This article first appeared in the St. Louis Beacon: As the Muny turns 95, it’s never been cooler. Literally.
Monday’s "Spamalot" opening debuts a new fan system designed to provide a more comfortable experience with no accompanying noise. Efforts are also underway to make the overall St. Louis institution cooler, as in more hip. As part of that, this season offers three more Muny premieres in addition to "Spamalot."
Steering the Muny into the future is the job of Mike Isaacson, 48, who’s in his second year as executive producer, and longtime president and CEO Denny Reagan. Reagan, 60, has had his hands on the wheel of the Muny for most of his 45 years there.
In the 1970s, Reagan became a driver to the stars, following his Muny initiation on the clean-up crew. He remembers chauffeuring Sonny and Cher in the Rolls Royce that was specified in their contract. He also recalls his neighbors' excitement as he drove the luxury vehicle back to his house for the night.
Reagan’s story is not one about a star-struck kid. He’d never even been to a Muny show before working there. But Isaacson, whose first Muny experience was seeing "A Chorus Line" at 18, had long been hooked on the wonders` of musical theater.
This year’s Muny magic will include Mary Poppins actually flying over the audience, a feat whose secrets Isaacson preferred not to reveal. “You’ve got to come and see it,” Isaacson said. Is there any danger involved? “I hope not,” he laughed.
In separate conversations with the Beacon, Isaacson and Reagan talked about The Muny's flight path into the future, and explored some of its past.
St. Louis Beacon: Under what circumstances did you first experience The Muny?
Denny Reagan: I just wanted some money. I was a south side kid and my friend who was working there asked, “Do you want a job?” and I said, “Sure.” I love musical theater, but I never performed it. I never studied it. I never directed it. I just fell in love with the Muny. I like what the Muny does for St. Louis.
Mike Isaacson: My first week here for college, I came down to the Muny. [Becoming executive producer] would never would have even entered the realm of possibly occurring to me, which is why it’s so moving to me some days when I’m here.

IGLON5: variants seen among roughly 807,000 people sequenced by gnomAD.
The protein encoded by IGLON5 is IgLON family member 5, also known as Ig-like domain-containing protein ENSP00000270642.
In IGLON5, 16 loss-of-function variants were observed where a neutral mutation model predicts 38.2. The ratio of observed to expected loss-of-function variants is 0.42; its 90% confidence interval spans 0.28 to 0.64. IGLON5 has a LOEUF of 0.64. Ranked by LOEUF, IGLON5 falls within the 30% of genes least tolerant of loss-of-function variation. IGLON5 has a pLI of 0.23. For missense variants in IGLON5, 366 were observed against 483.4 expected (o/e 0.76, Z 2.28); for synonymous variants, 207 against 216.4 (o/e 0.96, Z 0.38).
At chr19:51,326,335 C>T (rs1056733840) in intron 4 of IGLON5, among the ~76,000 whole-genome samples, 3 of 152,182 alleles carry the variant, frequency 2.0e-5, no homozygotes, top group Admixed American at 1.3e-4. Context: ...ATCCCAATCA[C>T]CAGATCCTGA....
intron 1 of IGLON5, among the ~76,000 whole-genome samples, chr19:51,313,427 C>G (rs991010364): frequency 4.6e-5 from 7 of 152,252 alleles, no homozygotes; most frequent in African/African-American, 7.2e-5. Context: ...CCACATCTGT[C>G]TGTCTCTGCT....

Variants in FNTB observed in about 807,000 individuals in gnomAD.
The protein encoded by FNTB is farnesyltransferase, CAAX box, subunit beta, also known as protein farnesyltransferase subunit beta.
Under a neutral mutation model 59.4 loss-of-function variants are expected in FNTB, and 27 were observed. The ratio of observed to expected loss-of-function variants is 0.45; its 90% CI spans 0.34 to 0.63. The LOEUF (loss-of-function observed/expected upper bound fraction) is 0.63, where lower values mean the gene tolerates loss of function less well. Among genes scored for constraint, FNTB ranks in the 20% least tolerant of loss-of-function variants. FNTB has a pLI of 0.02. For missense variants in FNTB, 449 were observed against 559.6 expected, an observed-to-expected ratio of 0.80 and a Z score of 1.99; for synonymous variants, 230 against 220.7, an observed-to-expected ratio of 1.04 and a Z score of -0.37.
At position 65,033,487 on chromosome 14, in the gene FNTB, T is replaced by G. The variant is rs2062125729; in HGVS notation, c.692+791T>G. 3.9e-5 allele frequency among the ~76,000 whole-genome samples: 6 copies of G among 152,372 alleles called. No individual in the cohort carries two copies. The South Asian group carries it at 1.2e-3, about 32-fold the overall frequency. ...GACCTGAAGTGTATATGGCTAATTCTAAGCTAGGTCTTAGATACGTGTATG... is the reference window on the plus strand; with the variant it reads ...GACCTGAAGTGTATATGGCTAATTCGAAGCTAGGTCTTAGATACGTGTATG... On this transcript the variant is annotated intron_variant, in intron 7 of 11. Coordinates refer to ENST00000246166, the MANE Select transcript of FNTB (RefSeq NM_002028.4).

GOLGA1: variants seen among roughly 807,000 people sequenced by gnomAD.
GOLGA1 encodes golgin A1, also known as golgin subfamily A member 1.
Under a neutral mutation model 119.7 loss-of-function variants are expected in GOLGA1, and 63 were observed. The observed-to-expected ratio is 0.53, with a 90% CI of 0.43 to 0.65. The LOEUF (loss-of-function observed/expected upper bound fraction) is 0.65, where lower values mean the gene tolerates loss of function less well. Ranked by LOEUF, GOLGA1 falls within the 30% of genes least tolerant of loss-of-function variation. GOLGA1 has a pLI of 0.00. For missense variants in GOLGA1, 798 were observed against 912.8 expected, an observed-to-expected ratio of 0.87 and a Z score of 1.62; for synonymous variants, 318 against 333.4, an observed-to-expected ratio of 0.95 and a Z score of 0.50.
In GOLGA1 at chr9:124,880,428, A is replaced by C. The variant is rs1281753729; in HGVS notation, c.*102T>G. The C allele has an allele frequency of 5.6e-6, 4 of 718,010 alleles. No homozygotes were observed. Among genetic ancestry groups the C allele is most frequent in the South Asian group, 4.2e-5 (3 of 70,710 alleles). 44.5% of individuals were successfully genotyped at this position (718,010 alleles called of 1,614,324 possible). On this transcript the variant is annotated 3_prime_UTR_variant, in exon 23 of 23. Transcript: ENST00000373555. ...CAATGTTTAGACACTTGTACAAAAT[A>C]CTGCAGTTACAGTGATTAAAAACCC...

What changes have come about in the last year (Isaacson’s first year)?
Reagan: When Mike and I talk about shows, there’s a much more contemporary view on it than there was in the past. We’re doing things this year like “West Side Story” and “South Pacific,” which are great classics.
But “Mary Poppins” is a new show to musical theater and so are “Shrek,” “Spamalot” and “Nunsense.” I see Mike making a shift but still holding onto the tradition of the Muny.
Isaacson: All the top-selling shows both this year and last are the new shows. With my predecessor, you generally saw a five-year cycle of repeats, and that’s not the tack I’m taking. From a production and creation standpoint, it’s a lot more work but this is what we have to do and what we need to do.
What about efforts to increase diversity in future seasons with any specific shows?
Reagan: Mike had “Dreamgirls” last year. If you take a look as his casting, there is a certain number of principals who are African American in a lot of the shows this year. We’ve talked about a few other shows ... a little bit about “The Wiz,” it’s playing at the Black Rep right now ... “Porgy and Bess” -- there’s a new version of it on Broadway.
Isaacson: I’m open to everything in the repertory. You look at a season and what shows you want to do and how does it fit in. But it’s like the [Mary Poppins flying] tricks -- I’m not telling you.
Have you learned from each other?
Reagan: I’m sure I have. He’s a really smart guy who produces a really good show. I mean, come on, the guy’s won four Tony Awards. That’s good stuff.
Isaacson: He would make this joke, it’s a line he used all the time: “I don’t know a lot about theater, but I know everything about the Muny.”
In the roots of the place, both physical and metaphorical, is a civic idea, an idea of community, of gathering, of "We are a better place, city, area by having an institution where we can all come together in the summer and celebrate these works and the life of being in St. Louis." That is something he understands better than everybody, and he’s taught me that.
What about the future -- might the executive producer become president and CEO one day?
Reagan: This is Mike’s second year. We’ll just see how everything goes. We certainly have to think about succession, but this is kind of a two-person team here, and you’ve got Mike doing the artistic thing and I’m taking care of the administrative things. So, let’s let him get his feet wet and we’ll start making decisions.
I ran four miles on Saturday, so I’m still OK. I’m still having a lot of fun doing this, I really am.
Isaacson: I can’t begin to contemplate that. It’s like you saying, “Twenty years ago, would you have considered being executive producer?” My passion is musical theater and I’ve been so fortunate in my life and career.
With the Broadway producing I get to be a part of creating new musicals. And to be able to create for this audience, in this manner, is an incredible sort of musical playpen. To direct where it’s going and how we want to excite and engage everybody, that’s quite enough -- I’m good.
"Monty Python's Spamalot" June 17-23
"Shrek The Musical" June 24-30
"Nunsense Muny Style!" July 1-7
"South Pacific" July 8-14
"Les Miserables" July 15-21
"Mary Poppins" July 25-Aug. 2